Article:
A day before arrival, I received an email outlining the hotel’s COVID-19 precautions, and I responded asking to be assigned a poolside suite, if possible — even though it normally carries a $150-$200 premium. While I’m not technically eligible for suite upgrades as a World of Hyatt Explorist elite, the hotel didn’t have any problem assigning me that room for the mid-week night.
After a few hours of work at the hotel, I wandered around Clearwater Beach, including a stop by the busy marina.
For dinner, I walked over the causeway to the highly-recommended Island Way Grill, which offered abundant outdoor seating in the late-afternoon but was beginning to get crowded by the time I left. I had heard good things about the sushi, so I ordered a Frankie’s Tuna Roll ($16) and a Tuna Sun Roll ($14), plus an early bird mojito ($6) and a shrimp cocktail ($4). The sushi was a bit underwhelming, but I really enjoyed my early bird shrimp cocktail and drink!
After dinner, I walked a bit over an hour to Sand Key Park, just south of Clearwater. It was a beautiful walk, and while Sand Key Beach isn’t as pristine as its counterpart in Clearwater, it was considerably less crowded.
Just before sunset, I found a perfect viewpoint on the Gulf Blvd bridge, with views of Clearwater, Sand Key and the Gulf of Mexico in between.
After a great night of sleep at the Hyatt, I walked down the beach to Clear Sky Cafe. Pool chairs are included in the Hyatt’s $29 resort fee, but the hotel doesn’t manage the beach, so you’ll need to pay separately for a rental there. Rates are reportedly $30 for the full day, including a cabana and two chairs.
At first I was thrilled to find a quiet spot on the sidewalk. However, the absence of other patrons gave a seagull the confidence it needed to swoop down and steal part of my breakfast!
I still got to enjoy most of my $17 Lobster Brie Bennie (yes, two days in a row!) — it was tasty, but not quite as delicious as my Vinoy breakfast from the day before. Next time, I think I’ll go for one of Clear Sky’s sweet breakfast options like Nutella waffles, instead.
Check out “Life’s Rewards” for more info on this area — now streaming on Amazon Prime Video
After another leisurely walk around Clearwater, I headed back to the Hyatt, got ready for the day and checked out of my suite, before walking back north to Frenchy’s Rockaway Grill, which a handful of readers had recommended.
I was thrilled to find stone crabs on the menu, a special Florida treat! Stone crabs are generally only available between mid-October and mid-May, so you’ll need to visit in fall, winter or spring if you’re hoping to get some. They don’t come cheap — at Frenchy’s, I got a pound of large claws for $30.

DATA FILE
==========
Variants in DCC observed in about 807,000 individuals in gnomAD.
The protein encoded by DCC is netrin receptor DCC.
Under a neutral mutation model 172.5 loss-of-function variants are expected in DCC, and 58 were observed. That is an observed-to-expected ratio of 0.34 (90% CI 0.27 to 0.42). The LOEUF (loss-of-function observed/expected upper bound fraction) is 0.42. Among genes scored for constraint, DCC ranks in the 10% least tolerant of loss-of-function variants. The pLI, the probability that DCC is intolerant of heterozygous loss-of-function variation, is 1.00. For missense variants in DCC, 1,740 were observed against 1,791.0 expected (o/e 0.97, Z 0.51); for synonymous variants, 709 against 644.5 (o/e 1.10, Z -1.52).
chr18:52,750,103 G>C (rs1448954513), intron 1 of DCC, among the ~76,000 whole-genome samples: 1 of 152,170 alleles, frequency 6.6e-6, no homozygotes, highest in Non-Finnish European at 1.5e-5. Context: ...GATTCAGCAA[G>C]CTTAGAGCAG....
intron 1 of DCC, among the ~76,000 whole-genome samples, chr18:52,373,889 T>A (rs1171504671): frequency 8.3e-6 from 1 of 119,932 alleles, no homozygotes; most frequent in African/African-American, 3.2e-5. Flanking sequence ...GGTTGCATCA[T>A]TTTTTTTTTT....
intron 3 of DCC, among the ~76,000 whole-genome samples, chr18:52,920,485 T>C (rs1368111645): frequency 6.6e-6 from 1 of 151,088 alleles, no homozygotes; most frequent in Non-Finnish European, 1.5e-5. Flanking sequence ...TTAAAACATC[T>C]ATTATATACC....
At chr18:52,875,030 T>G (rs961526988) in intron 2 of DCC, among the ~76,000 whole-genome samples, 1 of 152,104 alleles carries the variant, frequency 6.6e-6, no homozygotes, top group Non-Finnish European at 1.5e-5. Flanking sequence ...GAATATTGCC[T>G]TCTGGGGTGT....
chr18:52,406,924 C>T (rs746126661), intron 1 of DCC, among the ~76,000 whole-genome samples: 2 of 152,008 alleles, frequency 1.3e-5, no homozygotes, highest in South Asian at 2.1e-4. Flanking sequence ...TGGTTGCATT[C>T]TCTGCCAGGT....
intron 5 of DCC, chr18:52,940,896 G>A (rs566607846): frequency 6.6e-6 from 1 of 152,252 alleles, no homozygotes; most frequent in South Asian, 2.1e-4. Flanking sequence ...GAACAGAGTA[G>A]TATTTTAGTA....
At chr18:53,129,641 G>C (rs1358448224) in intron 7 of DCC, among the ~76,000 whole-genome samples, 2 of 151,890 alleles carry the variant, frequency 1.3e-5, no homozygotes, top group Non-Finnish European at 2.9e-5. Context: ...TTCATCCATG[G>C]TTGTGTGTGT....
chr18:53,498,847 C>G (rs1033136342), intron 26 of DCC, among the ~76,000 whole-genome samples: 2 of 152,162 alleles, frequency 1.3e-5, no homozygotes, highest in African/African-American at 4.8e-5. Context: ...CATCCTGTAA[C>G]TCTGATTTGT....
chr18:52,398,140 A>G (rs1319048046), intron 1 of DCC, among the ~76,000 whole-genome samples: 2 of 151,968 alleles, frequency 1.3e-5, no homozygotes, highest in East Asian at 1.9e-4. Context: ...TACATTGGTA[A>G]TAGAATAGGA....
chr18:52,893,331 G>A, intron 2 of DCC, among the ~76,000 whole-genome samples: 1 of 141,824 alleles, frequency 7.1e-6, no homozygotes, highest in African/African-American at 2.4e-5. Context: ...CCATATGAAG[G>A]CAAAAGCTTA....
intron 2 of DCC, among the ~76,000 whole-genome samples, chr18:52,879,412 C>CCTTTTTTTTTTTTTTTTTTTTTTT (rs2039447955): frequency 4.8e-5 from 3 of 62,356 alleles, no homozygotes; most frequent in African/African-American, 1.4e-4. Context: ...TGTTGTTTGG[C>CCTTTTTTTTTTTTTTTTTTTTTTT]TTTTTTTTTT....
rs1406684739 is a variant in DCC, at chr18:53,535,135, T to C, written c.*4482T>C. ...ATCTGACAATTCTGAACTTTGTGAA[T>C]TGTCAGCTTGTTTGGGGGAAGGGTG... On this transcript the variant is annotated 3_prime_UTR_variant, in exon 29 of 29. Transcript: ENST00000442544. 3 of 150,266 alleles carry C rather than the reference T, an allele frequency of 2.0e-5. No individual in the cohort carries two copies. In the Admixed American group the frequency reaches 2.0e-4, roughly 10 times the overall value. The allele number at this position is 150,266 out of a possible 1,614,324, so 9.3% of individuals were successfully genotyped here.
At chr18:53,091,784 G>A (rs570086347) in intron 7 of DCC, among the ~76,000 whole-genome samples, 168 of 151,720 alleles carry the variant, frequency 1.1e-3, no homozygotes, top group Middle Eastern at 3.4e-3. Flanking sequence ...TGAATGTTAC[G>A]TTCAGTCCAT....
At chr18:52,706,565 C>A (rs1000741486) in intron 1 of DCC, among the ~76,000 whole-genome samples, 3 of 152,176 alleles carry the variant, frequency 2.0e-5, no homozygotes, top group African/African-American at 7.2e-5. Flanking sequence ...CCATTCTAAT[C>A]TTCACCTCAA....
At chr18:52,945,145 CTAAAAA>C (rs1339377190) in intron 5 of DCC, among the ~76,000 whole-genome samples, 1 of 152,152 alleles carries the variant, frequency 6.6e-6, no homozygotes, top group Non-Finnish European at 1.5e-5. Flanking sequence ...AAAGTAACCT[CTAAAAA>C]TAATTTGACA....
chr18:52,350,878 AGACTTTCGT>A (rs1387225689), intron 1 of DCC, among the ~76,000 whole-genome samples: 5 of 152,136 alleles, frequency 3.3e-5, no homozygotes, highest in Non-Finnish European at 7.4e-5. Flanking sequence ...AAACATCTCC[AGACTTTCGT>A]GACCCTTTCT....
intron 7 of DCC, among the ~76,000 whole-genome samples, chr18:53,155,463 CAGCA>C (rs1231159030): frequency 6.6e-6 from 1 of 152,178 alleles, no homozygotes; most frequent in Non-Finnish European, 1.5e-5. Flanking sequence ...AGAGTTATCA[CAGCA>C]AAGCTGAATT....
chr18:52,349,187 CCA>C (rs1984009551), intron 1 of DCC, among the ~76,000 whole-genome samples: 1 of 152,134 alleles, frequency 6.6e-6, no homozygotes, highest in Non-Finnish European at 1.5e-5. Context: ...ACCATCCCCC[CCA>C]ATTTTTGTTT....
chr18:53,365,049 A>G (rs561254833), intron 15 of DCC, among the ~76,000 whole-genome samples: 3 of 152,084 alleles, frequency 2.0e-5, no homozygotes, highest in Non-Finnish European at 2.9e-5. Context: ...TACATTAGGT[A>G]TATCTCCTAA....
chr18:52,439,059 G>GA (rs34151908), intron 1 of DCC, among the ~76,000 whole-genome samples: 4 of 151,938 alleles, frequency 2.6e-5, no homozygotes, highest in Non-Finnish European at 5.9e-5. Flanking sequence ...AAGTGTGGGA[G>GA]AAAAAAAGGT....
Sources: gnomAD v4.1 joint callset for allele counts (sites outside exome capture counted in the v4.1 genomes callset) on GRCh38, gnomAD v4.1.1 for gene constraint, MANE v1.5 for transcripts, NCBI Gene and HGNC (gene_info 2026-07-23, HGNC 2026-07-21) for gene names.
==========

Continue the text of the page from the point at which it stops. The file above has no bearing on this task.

Even though they cost 30 bucks, you might want to think of stone crabs as more of an appetizer — they probably won’t fill you up. Feeling especially ambitious, I decided to try the “world famous” grouper sandwich. I ordered my 8-ounce “colossal” ($19) grilled, but it came out very greasy and a bit overcooked. Perhaps it was an off day for the kitchen, but I left wishing I had ordered a second plate of stone crabs, instead.
For my final night, it was a 15-minute ($14) Lyft ride to Dunedin, and my adorable Airbnb cottage. My nightly rate was a reasonable $149, but after a cleaning fee ($125), service fee ($39) and taxes ($36), my grand total was almost $350.
The house was very cute and certainly clean, but that $125 fee felt a bit steep for one guest staying a single night. If you’re a smaller group or booking a short stay, I’d consider asking for a reduced cleaning fee before you book your stay.
While you can’t use points to book an Airbnb in the traditional sense, it’s an excellent opportunity to redeem flexible rewards, such as the miles you can earn as part of the current welcome bonus for the Capital One Venture Rewards Credit Card.
Before this trip, I knew Dunedin to be a coastal city on the South Island of New Zealand, but there’s also a very cute Florida town by the same name. It’s small, with a population of less than 40,000, but it’s an ideal spot to mix in with a stay in the far larger towns of Clearwater and St. Pete.
Best yet, it’s right on the Pinellas Trail, which is paved for easy riding and runs all the way from St. Petersburg to Tarpon Springs. I rented a bike for the afternoon and had an amazing ride, including several stops (such as the butterfly garden below) along the way.
The Pinellas Trail effectively functions as a road for non-motorized vehicles, and you can park your bike and step into shops, breweries and other businesses along the way.
I made my way a few miles north to the Dunedin Causeway, then rode across to Honeymoon Island State Park, where I saw a variety of wildlife, including pelicans and dolphins. The entry fee for bikes and pedestrians is $2, so be sure to bring some cash.
Some of the trails inside the park aren’t paved, so you might want to rent a mountain bike. I was able to ride my hybrid much of the way, and even spotted a bald eagle’s nest (staying a good distance away, of course).
After a very fun day of walking and riding, I headed back to town for dinner near the marina. Olde Bay Cafe came highly recommended — and my $26 seafood platter (with a choice of three types of seafood and two sides) did not disappoint.
The next morning, it was time for my final stop: The Scone Age Bakery & Cafe, which is only open between 8 a.m. and 2 p.m., Thursday-Sunday. I had to reschedule my flight to squeeze in a visit — to be honest, it was mostly the name (“The Scone Age” – ha!) that pulled me in. I opted for a three-pack of scones (pineapple-coconut, lemon-glazed blueberry and apricot) and a cold-brew coffee, enough for a light meal before heading to the airport.
While it’s certainly worthwhile for a coffee and a quick to-go breakfast, I’m not sure I’d book a flight around it again.
From Dunedin, it was about 40 minutes and $35 for an Uber back to TPA, marking the end of my three-night Florida adventure.
I was able to pack a lot of experiences into a short trip, but it’s clear there’s much more to see in this area, so I’ll definitely be back — working in visits to additional places locals recommended, including Indian Rocks Beach, Tarpon Springs and Safety Harbor.
Most importantly, opportunities abound to use your hotel points for all kinds of stays in the area, whether you’re looking for a beach escape, a city adventure or an off-the-beaten path getaway.
All photos by Zach Honig/The Points Guy
For even more details on what the St. Petersburg-Clearwater area has to offer, check out “Life’s Rewards” — now streaming on Amazon Prime Video.
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Editorial Disclaimer: Opinions expressed here are the author’s alone, not those of any bank, credit card issuer, airlines or hotel chain, and have not been reviewed, approved or otherwise endorsed by any of these entities.